Life, crafty stuff, long walks, thoughts, and little oddities.

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10th January 2021

Frozen in time

I pass the ancient well on my way. The water trickles downwards through the steep hillside, emerging in a deep pool. The metal mugs still sits there on the edge, ready for those who want to sample the healing waters. Today, with the snowmelt, the well is overflowing across the path, creating a muddy quagmire. Further on, the shell of the old chapel still stands, surrounded by the kirkyard. Sheltered from the worst of the elements in this small nook in the hill, open to the river valley in front, across the snow strewn fields. A small stream rushes past, the edges still ice-bound. This ancient place has watched countless seasons pass by. A place of tranquility in the midst of the world’s current storms.


Holidays and memories

When I was sixteen

We moved to a place

With views of mountains and fields

With estuary and sand dunes

Where you could paddle

Along the narrow inlets

At low tide

And watch the fish dart ahead

Flashes of silver in the sunlight

And feel the flicker of flatfish

Disturbed by your passage

As they skimmed the surface

of the sand

It was not always a safe place

For the tide could turn and rush in

Leaving you in a mad scramble

Towards the shore


But not for anything

Would I have missed

The touch of the fish

As they tickled my feet


A week spent away in Benderloch, just north of Oban. No email, no internet. Just the sea, the mountains, and the green… bringing back memories of my time near Porthmadog. I was up in Benderloch for Woolfeis, the gaelic wool festival. Great fun, of which more later.


Shelter in the storm

The walls of the town march round, no longer a defence but a viewing platform. The streets of the place are quiet today. I perch on my vantage point. People scurrying from cars to shops, huddled against the biting wind. Rain is heading in, sweeping across the bay. The bulk of the castle shields me from the worst of the weather. A shelter in the storm.

conwy castle


Dusk sky and sunset fields

sunset land

Darkening dusk sky leads the eye to sunset fields, dusted golden by the light. The dips and rises of this place are thrown into sharp relief, a living map. History layered on story. A farmhouse lies sheltered, huddled from the elements. Long shadows march across the land, bare autumn trees growing legs in the late day. The long grass has been bleached white by the winter winds, thorn bushes standing stark black in contrast.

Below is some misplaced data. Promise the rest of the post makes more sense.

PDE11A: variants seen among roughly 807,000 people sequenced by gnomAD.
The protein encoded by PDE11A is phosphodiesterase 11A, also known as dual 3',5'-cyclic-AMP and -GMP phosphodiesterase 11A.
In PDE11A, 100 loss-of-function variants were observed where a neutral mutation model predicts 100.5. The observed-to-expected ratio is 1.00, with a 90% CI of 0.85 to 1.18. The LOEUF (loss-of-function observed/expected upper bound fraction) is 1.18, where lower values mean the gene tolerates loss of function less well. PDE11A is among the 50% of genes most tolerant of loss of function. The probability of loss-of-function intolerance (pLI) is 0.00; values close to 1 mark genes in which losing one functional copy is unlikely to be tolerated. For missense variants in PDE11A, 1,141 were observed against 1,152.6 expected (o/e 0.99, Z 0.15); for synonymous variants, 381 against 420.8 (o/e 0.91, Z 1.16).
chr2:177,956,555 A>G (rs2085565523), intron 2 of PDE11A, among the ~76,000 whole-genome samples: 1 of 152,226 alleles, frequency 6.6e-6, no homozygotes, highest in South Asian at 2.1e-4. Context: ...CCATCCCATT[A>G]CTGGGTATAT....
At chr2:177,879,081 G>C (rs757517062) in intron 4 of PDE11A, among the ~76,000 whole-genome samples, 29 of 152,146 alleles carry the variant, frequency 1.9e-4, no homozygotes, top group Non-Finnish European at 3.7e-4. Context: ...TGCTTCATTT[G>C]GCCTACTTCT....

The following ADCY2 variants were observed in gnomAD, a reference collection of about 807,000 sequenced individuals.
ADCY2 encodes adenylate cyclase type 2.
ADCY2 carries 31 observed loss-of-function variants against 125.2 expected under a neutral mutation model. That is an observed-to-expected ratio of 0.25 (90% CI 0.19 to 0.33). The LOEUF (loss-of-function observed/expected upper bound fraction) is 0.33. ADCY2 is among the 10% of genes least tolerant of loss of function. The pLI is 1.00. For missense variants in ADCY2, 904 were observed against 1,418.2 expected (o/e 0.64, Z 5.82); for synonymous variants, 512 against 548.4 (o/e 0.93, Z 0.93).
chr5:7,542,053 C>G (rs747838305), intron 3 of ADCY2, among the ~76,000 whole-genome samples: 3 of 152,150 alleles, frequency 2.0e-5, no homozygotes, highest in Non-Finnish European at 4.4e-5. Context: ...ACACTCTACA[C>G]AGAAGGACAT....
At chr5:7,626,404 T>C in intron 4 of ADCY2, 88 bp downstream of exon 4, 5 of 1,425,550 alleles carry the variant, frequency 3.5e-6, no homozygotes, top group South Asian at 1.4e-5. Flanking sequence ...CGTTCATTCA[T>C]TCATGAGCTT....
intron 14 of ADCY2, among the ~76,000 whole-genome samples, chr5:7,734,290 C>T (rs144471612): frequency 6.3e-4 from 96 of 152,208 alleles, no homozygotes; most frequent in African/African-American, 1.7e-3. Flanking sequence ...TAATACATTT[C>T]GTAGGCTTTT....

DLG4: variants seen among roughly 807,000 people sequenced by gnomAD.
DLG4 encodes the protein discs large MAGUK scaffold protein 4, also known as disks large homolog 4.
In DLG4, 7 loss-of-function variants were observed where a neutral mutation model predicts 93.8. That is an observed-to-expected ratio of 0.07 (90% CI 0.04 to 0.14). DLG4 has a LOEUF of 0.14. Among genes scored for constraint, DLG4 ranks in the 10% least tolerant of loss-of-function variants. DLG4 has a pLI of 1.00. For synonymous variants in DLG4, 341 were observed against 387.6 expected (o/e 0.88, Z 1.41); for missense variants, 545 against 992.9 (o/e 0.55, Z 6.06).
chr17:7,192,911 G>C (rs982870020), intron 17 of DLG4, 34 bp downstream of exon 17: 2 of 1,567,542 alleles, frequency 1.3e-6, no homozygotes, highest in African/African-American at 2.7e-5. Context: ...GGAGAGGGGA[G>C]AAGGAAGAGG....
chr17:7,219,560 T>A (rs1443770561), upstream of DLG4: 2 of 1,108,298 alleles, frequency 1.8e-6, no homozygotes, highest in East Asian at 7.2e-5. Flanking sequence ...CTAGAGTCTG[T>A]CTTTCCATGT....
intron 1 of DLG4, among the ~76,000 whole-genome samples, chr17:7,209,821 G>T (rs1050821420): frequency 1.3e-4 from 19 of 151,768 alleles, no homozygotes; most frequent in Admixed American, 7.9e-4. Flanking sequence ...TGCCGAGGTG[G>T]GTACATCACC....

Frosty leaves and old stones

The ancient fort stands on top of the promontory, overlooking the bay. Old stones grassed over now. I stand in the winter’s sun, gazing out to sea. Aware that in this place, I am not alone. Past and present overlap, a blurring of time. If these stones could speak – what stories they could tell. Two thousand years and more this place lived. A small community, overlooking the ocean. Protected from strangers, lifted high above the waves. Imagine. The laughter of people long gone fills my mind. In such a place was peace. Oh, and hard work, and toil. Not an easy life, up here, battling the elements. But safe. Secure. In tune with their world.

I climb down the steps, to the land once sea, and make my way to the shore. The tide rolls in, depositing its load. Seabirds call, turning over the seaweed. Up on the dunes the morning frost lies still, outlining leaves with sliver glitter. The fishing fleet is out, dots in the distance. The Isle of Man floats on the horizon, and the Mull rests on a bed of mist. Not much of a change over two thousand years.

silver glitter on winter leaves

This post refers to a place called Barsalloch Fort. If you are interested in knowing more, look at http://www.undiscoveredscotland.co.uk/portwilliam/barsallochfort/index.html for pictures and  www.historic-scotland.gov.uk/propertyresults/propertydetail.htm?PropID=PL_029 for archaeological info.